Skip to Main Content

Dancer's Heel

Dancer's heel, also known as posterior impingement syndrome, occurs when the tissue at the back of the ankle becomes compressed due to a bony formation at the back of the ankle. The pain may be triggered by an ankle sprain or by the tissue being trapped between the ankle and heel bone. When the soft tissue at the back of the ankle is pinched, it becomes inflamed and painful. Posterior impingement syndrome is common among ballet dancers.

Our Approach to Dancer's Heel

To treat dancer's heel, we begin with nonsurgical treatments to reduce pain and swelling. We may also recommend working with a physical therapist who is familiar with dance injuries. If these options prove ineffective, UCSF offers surgical treatments for dancer's heel. The type of procedure we use depends on the source and location of the problem.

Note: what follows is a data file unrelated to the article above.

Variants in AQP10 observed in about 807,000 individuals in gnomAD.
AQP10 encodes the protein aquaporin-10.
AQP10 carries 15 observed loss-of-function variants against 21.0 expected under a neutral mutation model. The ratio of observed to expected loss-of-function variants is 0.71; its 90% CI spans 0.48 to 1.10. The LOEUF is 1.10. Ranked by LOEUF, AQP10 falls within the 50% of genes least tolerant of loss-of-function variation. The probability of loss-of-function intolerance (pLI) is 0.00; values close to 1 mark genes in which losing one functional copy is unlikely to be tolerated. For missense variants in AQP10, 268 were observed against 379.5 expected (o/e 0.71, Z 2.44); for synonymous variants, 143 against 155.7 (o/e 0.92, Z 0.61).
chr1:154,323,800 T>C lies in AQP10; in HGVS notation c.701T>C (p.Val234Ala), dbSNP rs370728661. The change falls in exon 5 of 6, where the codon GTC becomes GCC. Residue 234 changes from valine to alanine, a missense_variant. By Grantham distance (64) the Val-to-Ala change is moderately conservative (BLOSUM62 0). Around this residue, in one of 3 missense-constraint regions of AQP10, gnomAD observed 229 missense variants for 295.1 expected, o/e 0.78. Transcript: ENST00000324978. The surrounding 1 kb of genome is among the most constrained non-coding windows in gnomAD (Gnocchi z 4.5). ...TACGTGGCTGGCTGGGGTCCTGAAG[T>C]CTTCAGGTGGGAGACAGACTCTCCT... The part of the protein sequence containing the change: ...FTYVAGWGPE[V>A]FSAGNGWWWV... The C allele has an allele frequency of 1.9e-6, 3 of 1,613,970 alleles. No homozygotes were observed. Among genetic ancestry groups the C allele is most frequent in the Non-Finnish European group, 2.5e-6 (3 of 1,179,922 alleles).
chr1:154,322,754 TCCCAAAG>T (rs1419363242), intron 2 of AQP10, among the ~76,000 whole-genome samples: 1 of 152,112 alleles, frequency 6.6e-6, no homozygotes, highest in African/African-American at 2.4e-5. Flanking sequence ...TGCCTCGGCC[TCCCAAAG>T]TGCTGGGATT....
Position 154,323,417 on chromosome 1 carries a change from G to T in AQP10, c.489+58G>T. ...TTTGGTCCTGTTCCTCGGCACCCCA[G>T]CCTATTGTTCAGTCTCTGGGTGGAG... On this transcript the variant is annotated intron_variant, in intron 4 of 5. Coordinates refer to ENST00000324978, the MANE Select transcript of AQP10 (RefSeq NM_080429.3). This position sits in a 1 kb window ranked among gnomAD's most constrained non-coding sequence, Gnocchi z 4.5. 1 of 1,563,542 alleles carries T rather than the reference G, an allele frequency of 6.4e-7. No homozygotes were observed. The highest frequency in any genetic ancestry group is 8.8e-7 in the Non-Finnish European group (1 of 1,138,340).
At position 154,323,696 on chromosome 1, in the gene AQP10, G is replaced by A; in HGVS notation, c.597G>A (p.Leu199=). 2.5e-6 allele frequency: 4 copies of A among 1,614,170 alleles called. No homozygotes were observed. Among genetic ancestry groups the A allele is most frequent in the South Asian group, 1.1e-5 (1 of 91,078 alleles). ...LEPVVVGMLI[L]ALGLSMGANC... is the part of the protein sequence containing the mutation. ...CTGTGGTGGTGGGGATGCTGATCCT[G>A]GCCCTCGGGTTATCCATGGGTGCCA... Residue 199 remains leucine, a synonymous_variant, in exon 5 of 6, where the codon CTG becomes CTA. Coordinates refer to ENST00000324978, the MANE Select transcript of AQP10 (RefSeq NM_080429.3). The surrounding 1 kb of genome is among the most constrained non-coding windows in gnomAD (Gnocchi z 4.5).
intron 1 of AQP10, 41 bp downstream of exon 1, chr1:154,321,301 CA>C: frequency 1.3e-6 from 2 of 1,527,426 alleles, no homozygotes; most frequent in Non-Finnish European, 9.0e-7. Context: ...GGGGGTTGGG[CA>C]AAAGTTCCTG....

Our team includes highly trained orthopedic surgeons who specialize in the ankle and foot, as well as podiatrists, physical therapists and pedorthists (specialists in modified footwear and supportive devices for the lower leg). Our goals are to relieve pain and restore mobility, so patients can return to their normal lives and the activities they enjoy. We offer doctor's appointments, medical imaging and physical therapy in one convenient location.

Awards & recognition

  • usnews-neurology

    Among the top hospitals in the nation

  • usnews-orthopedics

    One of the nation's best for orthopedic care

UCSF Health medical specialists have reviewed this information. It is for educational purposes only and is not intended to replace the advice of your doctor or other health care provider. We encourage you to discuss any questions or concerns you may have with your provider.